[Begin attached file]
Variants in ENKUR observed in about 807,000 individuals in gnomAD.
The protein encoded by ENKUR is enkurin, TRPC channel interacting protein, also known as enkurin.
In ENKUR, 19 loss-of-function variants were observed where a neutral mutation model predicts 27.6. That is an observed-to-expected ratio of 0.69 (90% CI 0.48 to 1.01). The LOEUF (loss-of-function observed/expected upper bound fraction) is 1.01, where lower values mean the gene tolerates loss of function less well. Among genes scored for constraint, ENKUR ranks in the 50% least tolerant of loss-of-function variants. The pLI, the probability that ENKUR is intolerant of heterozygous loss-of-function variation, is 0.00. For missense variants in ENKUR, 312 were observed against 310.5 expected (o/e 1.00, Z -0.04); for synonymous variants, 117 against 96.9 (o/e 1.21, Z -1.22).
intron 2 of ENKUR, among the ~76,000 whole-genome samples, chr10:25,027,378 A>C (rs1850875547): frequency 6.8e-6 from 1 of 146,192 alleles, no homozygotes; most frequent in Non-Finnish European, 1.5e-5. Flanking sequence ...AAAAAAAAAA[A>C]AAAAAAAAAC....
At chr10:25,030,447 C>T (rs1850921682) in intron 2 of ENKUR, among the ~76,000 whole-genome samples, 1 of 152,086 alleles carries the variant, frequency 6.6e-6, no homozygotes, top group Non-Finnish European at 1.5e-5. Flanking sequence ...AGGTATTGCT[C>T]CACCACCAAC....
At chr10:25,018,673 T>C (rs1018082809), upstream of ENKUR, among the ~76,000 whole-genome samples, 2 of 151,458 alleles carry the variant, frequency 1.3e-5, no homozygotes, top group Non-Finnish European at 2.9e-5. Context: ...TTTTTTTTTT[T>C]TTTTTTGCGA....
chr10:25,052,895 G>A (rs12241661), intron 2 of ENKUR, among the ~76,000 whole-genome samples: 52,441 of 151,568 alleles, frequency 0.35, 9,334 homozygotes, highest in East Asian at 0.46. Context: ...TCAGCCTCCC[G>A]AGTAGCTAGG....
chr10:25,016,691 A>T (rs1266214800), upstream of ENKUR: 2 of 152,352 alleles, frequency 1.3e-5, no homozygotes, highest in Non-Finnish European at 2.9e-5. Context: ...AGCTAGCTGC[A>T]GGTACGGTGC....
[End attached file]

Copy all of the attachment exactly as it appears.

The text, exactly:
Variants in ENKUR observed in about 807,000 individuals in gnomAD.
The protein encoded by ENKUR is enkurin, TRPC channel interacting protein, also known as enkurin.
In ENKUR, 19 loss-of-function variants were observed where a neutral mutation model predicts 27.6. That is an observed-to-expected ratio of 0.69 (90% CI 0.48 to 1.01). The LOEUF (loss-of-function observed/expected upper bound fraction) is 1.01, where lower values mean the gene tolerates loss of function less well. Among genes scored for constraint, ENKUR ranks in the 50% least tolerant of loss-of-function variants. The pLI, the probability that ENKUR is intolerant of heterozygous loss-of-function variation, is 0.00. For missense variants in ENKUR, 312 were observed against 310.5 expected (o/e 1.00, Z -0.04); for synonymous variants, 117 against 96.9 (o/e 1.21, Z -1.22).
intron 2 of ENKUR, among the ~76,000 whole-genome samples, chr10:25,027,378 A>C (rs1850875547): frequency 6.8e-6 from 1 of 146,192 alleles, no homozygotes; most frequent in Non-Finnish European, 1.5e-5. Flanking sequence ...AAAAAAAAAA[A>C]AAAAAAAAAC....
At chr10:25,030,447 C>T (rs1850921682) in intron 2 of ENKUR, among the ~76,000 whole-genome samples, 1 of 152,086 alleles carries the variant, frequency 6.6e-6, no homozygotes, top group Non-Finnish European at 1.5e-5. Flanking sequence ...AGGTATTGCT[C>T]CACCACCAAC....
At chr10:25,018,673 T>C (rs1018082809), upstream of ENKUR, among the ~76,000 whole-genome samples, 2 of 151,458 alleles carry the variant, frequency 1.3e-5, no homozygotes, top group Non-Finnish European at 2.9e-5. Context: ...TTTTTTTTTT[T>C]TTTTTTGCGA....
chr10:25,052,895 G>A (rs12241661), intron 2 of ENKUR, among the ~76,000 whole-genome samples: 52,441 of 151,568 alleles, frequency 0.35, 9,334 homozygotes, highest in East Asian at 0.46. Context: ...TCAGCCTCCC[G>A]AGTAGCTAGG....
chr10:25,016,691 A>T (rs1266214800), upstream of ENKUR: 2 of 152,352 alleles, frequency 1.3e-5, no homozygotes, highest in Non-Finnish European at 2.9e-5. Context: ...AGCTAGCTGC[A>T]GGTACGGTGC....